I remain an advocate for improving public education as I see education as the fundamental building block to advancing society and civilization. I have seen, first hand, the challenges of educating a diverse population from varied cultural, economic, social backgrounds, and family environments - it is not any easy task. However, I take issue with how the District chooses to prioritize and allocate its resources - enrollment, financial, human - and am not willing to let my child be part of their social engineering experiment.

Don Krause said...

I have to take issue with the comment @ 10:35. There are many great public schools and many families are quite satisfied overall with the education received. That doesn't mean it will work for everyone, but we should try to stay away from flaming the public school system. I have my concerns about SFUSD, but the district hasn't managed to ruin everything just yet. Still, I can understand those who just can't commit to a system like this. The other side of the coin is that you have zero say-so when it comes to a private. You either buy into it or you get out.

Anonymous said...

You have to think of the effects of opting out on those who have no such option. You may think of it as an individual, but lots do the same thing, I wouldn't be a part of saying my child shouldn't be in something others should, which is essentially what you're saying, it's a caste system, it's outrageous my child be a part of it, but it is perfectly acceptable others be a part of it. I believe we have to fix it as a team and that if everyone were in public schools, there is no way you wouldn't be able to fire a bad teacher or we'd have the achievement gap we have, it would be unacceptable and we'd fix it. The most powerful opt out, and we lose that voice. We have to work as a team.

I was surprised by the findings of The Public School Advantage, but I must say anecdotally, I find it to be true in San Francisco. People who are dedicated and high income have not only helped the cause of social and racial integration by going public, an important cause to not opt out of, but they have also not caused any worse of an education for their own children. I know my kids go to Alamo, but I know many whoh have sent their kids to James Lick, Denman and other schools and had better results than many who went private.

I've had many friends who felt private was the only option who then tried to get their kids into Lowell and they didn't qualify, friends who spent 20-30k a year while I spent 0. I've seen some do very well in private, but most do poorly. I had a good friend talk about how terrible Presidio was, send her daughter to a private school, and she got sexually active at 13 and got kicked out. I've had several others hopelessly underqualified for Lowell, take the test and be in the 75th percentile while my kids have been in the 97-100th percentile. This is purely anecdotal, but when combined with 'The Public School Advantage' findings, I feel I made the right decision, both in terms of an inclusive society and in terms of my own children.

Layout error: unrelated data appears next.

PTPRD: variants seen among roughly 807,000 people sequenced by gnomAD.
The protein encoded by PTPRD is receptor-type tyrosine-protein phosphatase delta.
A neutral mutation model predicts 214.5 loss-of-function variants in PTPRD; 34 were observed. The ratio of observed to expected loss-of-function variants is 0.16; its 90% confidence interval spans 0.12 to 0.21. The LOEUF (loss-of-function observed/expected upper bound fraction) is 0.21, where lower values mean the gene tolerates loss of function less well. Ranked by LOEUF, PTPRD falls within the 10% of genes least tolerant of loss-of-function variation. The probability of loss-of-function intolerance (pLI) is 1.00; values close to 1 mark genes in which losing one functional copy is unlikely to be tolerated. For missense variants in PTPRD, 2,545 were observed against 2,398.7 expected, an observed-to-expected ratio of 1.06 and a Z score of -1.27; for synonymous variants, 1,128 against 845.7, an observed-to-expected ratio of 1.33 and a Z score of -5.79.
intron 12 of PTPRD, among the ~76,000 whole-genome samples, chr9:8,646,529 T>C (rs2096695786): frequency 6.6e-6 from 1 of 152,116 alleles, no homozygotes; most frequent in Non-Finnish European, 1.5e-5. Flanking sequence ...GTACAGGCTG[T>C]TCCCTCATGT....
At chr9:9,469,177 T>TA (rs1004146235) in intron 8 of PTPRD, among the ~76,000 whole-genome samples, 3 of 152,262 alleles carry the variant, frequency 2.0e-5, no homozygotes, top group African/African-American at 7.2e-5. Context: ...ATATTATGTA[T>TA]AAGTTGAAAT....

People used to say James Lick was unthinkable, but I know several families who rode James Lick right to Lowell and whose kids are thriving there, and several others who went to Burke and couldn't get into Lowell. I only mention Lowell as it is a good barometer of how well you are raising your child. People can always say their kid is doing great, but you need statistics to back that up, and Lowell provides a fair barometer, as do test scores.

'The Public School Advantage' used test scores, and it's findings were comprehensive.

As a somewhat conservative (by SF standards) reformer, I also lament the loss of those who would advocate common sense reforms to the system, who would go to board meetings, maybe run for school board, back a candidate, etc. If those who are unhappy opt out, change is that much more difficult.

This is just one person's opinion, with a few facts to back up certain parts.

AB said...

@11:06 Your anecdotal evidence notwithstanding I think the preponderance of evidence supports going private in SF is a positive experience for the majority who go given the generally full classes and growth in private school offerings available.

I agree with Don that there are many good public schools in San Francisco, we are currently at one. The decision to go private is based on our experience and what we feel is best for our child.

It's a bit like eating in Las Vegas: You can go to the Circus Circus buffet for under $20.00 and be full but sometimes you want something a little more elegant with more refined choices so you pay the price and go to Charlie Palmers. You are still full, but the experience is very different.

Don Krause said...